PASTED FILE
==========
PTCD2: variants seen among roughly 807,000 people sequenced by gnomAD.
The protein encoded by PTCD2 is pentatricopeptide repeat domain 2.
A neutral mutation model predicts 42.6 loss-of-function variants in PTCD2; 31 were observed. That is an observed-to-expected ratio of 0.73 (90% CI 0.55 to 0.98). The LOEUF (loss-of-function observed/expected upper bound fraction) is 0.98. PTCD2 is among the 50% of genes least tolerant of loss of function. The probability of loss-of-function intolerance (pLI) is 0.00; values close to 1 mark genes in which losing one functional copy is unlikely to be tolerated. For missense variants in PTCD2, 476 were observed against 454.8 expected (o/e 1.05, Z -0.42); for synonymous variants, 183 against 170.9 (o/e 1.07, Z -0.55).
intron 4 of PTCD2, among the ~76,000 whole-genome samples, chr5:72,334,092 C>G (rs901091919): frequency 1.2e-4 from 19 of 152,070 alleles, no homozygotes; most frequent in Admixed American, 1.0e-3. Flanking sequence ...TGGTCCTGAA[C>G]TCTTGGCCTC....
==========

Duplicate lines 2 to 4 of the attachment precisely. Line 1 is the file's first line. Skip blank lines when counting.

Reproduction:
The protein encoded by PTCD2 is pentatricopeptide repeat domain 2.
A neutral mutation model predicts 42.6 loss-of-function variants in PTCD2; 31 were observed. That is an observed-to-expected ratio of 0.73 (90% CI 0.55 to 0.98). The LOEUF (loss-of-function observed/expected upper bound fraction) is 0.98. PTCD2 is among the 50% of genes least tolerant of loss of function. The probability of loss-of-function intolerance (pLI) is 0.00; values close to 1 mark genes in which losing one functional copy is unlikely to be tolerated. For missense variants in PTCD2, 476 were observed against 454.8 expected (o/e 1.05, Z -0.42); for synonymous variants, 183 against 170.9 (o/e 1.07, Z -0.55).
intron 4 of PTCD2, among the ~76,000 whole-genome samples, chr5:72,334,092 C>G (rs901091919): frequency 1.2e-4 from 19 of 152,070 alleles, no homozygotes; most frequent in Admixed American, 1.0e-3. Flanking sequence ...TGGTCCTGAA[C>G]TCTTGGCCTC....